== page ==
What parents need to know
Parents Need to Know
Parents need to know that Cadet Kelly is a wholesome TV movie originally made for The Disney Channel. It's heavy on messages, cute teens, easy resolutions, and stars girl favorite Hilary Duff as a budding diva. The film's core subjects -- making necessary life adjustments, parenting, divorce, and teen rivalry -- are all dealt with gently and with humor. While it encourages the heroine to find her own path and develop her own strengths, it also advocates teamwork and compromise. A few pratfalls (mostly in a comic depiction of military training), a suspenseful moment in which the heroine must risk her safety for another, and some initial mean behavior by a team leader (Cadet Kelly is continually called "maggot") provide the action and physical conflict. Generally, middle grade girls through young teens will probably enjoy this predictable, safe family fare.
What's the story?
Close with both loving parents after their amicable divorce, adorable and popular Kelly Collins (a young Hilary Duff fresh from Lizzie McGuire success) is delighted that her mom has found a new love. Delighted, that is, until she discovers that her mom's new marriage means they're moving from New York City and she'll have to attend George Washington Military Academy where her stepdad is the new commander! In typical fish-out-of-water form, free-spirit Kelly finds out what it means to be a disciplined team player, a true friend, and a caring step-daughter. Her unexpected adventures at the new high school find her in a heated rivalry with her platoon leader (Christy Romano), a mild flirtation with a cute classmate (Shane Ashmore), and with a chance to "strut her stuff" as a creative force behind the school's competitive drill team. And finally, what really launches Kelly toward maturity is a life-and-death crisis that forces her to use her newly-acquired skills as a junior member of the armed forces.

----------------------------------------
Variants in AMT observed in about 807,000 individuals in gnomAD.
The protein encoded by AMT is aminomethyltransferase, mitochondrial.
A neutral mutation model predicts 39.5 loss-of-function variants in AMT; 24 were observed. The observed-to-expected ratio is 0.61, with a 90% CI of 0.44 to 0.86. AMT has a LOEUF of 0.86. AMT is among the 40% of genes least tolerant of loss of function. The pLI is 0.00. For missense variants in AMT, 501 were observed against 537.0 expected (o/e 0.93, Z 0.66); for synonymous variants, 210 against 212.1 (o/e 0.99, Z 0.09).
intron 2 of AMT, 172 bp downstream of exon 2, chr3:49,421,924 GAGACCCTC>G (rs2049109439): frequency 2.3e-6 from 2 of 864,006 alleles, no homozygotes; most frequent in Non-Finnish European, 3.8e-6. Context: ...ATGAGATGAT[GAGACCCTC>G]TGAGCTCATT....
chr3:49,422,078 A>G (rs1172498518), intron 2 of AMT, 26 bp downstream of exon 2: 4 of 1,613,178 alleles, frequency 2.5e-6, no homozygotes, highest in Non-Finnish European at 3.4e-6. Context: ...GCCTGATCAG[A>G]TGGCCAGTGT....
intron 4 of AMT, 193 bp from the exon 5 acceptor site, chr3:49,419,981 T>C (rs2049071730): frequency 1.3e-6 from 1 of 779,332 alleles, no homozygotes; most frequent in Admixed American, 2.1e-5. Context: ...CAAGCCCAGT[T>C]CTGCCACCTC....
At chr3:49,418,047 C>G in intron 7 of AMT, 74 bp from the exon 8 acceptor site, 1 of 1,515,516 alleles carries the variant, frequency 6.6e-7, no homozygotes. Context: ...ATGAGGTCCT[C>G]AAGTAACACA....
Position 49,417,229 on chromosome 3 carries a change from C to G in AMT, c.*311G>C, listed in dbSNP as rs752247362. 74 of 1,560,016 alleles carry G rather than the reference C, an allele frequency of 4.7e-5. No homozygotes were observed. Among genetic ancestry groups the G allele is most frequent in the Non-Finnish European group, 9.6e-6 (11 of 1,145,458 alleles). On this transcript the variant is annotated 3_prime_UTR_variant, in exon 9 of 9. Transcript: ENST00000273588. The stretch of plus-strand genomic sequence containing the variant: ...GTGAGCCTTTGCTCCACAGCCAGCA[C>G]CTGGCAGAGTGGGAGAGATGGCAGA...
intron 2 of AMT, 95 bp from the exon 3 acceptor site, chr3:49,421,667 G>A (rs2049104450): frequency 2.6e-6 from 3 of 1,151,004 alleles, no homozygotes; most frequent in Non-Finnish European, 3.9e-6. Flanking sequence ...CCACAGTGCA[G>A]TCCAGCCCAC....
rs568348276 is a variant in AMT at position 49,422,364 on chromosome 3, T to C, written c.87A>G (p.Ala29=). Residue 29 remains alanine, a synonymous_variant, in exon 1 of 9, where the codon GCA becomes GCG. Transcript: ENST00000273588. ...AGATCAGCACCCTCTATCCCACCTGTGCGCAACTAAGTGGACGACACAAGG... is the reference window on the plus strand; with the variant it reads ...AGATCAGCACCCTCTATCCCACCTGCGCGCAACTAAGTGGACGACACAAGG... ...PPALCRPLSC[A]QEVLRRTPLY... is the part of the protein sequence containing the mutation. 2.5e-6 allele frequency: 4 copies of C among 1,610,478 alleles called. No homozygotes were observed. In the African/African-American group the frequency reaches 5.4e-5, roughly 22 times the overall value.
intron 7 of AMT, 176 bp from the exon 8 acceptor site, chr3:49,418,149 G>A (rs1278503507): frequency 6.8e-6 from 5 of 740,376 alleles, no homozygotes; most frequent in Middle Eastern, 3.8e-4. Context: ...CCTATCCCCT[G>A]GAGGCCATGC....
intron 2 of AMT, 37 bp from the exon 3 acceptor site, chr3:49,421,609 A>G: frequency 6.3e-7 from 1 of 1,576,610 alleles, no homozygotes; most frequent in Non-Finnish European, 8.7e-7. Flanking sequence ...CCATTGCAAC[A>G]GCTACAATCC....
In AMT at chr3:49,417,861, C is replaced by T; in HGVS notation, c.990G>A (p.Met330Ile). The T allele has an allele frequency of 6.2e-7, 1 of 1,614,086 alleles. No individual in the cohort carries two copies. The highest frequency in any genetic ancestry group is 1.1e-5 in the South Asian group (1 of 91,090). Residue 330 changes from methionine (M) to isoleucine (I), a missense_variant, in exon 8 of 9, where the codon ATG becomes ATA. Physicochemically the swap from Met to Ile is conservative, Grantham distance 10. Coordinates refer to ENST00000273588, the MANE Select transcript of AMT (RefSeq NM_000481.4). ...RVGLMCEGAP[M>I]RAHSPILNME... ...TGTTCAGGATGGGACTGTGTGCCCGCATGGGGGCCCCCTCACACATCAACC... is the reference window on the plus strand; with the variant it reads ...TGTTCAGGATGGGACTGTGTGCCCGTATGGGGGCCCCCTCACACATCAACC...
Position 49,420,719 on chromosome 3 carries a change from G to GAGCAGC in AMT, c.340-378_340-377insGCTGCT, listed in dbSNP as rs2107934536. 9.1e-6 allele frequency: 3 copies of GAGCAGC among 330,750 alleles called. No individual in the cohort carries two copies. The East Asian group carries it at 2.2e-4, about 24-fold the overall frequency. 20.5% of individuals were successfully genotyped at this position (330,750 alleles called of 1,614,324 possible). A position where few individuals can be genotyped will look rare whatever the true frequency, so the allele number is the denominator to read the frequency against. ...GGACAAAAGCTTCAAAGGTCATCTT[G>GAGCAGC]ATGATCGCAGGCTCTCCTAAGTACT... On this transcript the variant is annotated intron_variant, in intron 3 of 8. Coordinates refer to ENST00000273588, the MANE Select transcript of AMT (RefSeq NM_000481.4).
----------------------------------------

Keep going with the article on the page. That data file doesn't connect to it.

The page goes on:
Is it any good?
Strictly run-of-the-mill story and production here -- always predictable, with so-so acting, one-dimensional characters, and very little relationship to the reality of military school. But for kids, especially girls desperate for female heroes and role models, it's bound to be enjoyable and provide some worthy messages. Who wouldn't want to identify with the sparkly teen whom easily wins over friends and vanquishes her enemies with a smile?
The movie's gentle, positive portrayal of a divorce that works well for everyone involved (skin-deep though it may be) is a pleasant change from the usual. Generally, it's a nice movie for girls to share: wholesome, fun, with lots of opportunity to root for an engaging teen.
Families can talk about...
Families can talk about popular themes in kids movies. Moving and a change of schools is a favorite theme of movies for kids and teens. What did Kelly learn about herself from the move to military school? How can change be a positive force in a person's life? Think of a situation in which you had to make a change. What did you learn from it?
Why did Kelly's parents' divorce work when so many others don't? What qualities did the filmmakers portray as necessary for maintaining a good relationship for all of the parties involved? What did Kelly do to help them?
Captain Stone is the movie's villain. Why do you think she was so threatened by Kelly?